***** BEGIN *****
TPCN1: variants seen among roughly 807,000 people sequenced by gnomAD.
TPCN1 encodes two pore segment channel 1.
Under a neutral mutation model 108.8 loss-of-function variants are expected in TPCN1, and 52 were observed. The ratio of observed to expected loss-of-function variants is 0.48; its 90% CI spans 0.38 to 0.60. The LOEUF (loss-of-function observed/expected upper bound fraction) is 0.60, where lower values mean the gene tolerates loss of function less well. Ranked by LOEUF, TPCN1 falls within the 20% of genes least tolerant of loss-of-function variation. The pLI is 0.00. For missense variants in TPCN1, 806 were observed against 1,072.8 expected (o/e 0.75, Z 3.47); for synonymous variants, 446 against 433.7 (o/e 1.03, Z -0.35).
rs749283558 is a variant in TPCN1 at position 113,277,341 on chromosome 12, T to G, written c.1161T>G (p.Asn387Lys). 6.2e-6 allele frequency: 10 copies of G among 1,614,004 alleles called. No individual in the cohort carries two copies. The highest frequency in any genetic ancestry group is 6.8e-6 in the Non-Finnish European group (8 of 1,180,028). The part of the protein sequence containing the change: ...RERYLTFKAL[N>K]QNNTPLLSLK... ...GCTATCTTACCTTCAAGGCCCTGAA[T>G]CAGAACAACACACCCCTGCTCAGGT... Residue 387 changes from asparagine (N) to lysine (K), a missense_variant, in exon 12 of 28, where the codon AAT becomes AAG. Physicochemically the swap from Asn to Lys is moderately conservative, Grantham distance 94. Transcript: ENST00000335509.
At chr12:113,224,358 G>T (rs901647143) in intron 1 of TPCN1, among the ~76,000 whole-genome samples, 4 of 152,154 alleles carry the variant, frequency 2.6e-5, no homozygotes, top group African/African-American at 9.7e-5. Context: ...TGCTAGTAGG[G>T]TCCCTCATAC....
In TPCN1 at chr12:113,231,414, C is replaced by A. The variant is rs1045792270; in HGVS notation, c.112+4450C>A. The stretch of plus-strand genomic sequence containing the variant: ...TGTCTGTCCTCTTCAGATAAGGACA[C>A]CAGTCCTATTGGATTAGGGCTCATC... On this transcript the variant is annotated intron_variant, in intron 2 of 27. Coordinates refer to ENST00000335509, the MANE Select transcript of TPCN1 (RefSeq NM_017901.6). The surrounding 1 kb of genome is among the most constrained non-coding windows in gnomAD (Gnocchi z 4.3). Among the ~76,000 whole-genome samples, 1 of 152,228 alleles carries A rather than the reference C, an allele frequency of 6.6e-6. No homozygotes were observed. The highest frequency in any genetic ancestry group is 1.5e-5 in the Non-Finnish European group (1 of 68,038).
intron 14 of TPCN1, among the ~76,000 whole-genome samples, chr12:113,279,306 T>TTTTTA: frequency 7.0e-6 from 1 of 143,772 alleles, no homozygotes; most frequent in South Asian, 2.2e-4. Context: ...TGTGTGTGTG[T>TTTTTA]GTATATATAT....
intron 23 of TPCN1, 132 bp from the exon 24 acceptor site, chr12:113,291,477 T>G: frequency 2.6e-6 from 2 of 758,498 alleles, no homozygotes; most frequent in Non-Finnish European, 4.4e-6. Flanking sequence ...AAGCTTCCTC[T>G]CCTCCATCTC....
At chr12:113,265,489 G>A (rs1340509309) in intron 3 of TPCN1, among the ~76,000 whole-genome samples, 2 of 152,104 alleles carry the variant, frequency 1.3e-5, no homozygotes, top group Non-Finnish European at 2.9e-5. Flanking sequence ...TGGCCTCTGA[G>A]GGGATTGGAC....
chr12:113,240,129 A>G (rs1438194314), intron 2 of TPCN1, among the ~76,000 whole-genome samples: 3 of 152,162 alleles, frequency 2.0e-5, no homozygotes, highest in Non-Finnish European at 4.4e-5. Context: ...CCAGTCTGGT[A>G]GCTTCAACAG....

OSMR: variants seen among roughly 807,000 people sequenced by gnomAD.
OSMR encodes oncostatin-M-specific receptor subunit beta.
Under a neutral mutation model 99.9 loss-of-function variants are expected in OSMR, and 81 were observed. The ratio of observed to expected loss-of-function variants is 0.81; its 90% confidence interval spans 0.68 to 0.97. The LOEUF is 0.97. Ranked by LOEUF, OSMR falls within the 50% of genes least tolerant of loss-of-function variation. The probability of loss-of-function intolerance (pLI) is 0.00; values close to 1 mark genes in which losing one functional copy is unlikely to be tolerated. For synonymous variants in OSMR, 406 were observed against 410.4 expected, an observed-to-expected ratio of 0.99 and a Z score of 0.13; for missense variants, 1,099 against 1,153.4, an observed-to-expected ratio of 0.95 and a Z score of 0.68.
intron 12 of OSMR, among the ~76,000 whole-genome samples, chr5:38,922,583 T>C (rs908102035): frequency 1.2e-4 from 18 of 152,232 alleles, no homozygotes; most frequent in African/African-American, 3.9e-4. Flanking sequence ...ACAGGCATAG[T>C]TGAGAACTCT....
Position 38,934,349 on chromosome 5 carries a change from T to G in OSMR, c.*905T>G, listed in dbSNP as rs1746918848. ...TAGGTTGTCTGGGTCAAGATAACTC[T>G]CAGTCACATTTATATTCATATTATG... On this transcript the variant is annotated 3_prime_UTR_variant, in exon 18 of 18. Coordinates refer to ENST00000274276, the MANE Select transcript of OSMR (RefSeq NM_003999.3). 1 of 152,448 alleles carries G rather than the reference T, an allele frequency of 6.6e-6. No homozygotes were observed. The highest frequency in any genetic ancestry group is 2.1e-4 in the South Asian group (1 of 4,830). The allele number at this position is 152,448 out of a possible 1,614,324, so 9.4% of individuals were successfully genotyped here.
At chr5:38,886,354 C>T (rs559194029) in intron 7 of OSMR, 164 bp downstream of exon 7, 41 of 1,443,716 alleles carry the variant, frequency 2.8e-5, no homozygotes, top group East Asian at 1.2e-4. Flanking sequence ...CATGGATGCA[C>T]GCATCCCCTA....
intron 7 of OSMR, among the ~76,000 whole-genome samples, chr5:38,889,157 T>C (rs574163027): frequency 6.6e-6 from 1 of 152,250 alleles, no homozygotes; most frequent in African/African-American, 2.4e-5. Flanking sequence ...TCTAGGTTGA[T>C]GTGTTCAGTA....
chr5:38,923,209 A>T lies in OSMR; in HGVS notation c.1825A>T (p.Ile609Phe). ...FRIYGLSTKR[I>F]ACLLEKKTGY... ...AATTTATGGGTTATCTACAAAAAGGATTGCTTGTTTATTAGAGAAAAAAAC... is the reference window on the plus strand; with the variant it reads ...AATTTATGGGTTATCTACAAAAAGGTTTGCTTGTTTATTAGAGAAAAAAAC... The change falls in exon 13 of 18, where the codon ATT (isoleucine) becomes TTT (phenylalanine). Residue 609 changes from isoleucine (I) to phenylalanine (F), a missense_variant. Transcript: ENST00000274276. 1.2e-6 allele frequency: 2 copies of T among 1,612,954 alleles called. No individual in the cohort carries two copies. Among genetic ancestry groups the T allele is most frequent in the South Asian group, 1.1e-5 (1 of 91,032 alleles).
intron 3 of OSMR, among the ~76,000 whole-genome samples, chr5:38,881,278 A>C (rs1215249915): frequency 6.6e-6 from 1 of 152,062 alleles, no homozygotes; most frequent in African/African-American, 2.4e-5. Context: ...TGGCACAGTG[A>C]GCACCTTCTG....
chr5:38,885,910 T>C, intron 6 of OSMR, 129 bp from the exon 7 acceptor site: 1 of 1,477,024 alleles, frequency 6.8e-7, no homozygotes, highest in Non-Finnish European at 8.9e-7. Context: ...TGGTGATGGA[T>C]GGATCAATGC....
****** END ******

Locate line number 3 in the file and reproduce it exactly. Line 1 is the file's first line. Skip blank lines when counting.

Under a neutral mutation model 108.8 loss-of-function variants are expected in TPCN1, and 52 were observed. The ratio of observed to expected loss-of-function variants is 0.48; its 90% CI spans 0.38 to 0.60. The LOEUF (loss-of-function observed/expected upper bound fraction) is 0.60, where lower values mean the gene tolerates loss of function less well. Ranked by LOEUF, TPCN1 falls within the 20% of genes least tolerant of loss-of-function variation. The pLI is 0.00. For missense variants in TPCN1, 806 were observed against 1,072.8 expected (o/e 0.75, Z 3.47); for synonymous variants, 446 against 433.7 (o/e 1.03, Z -0.35).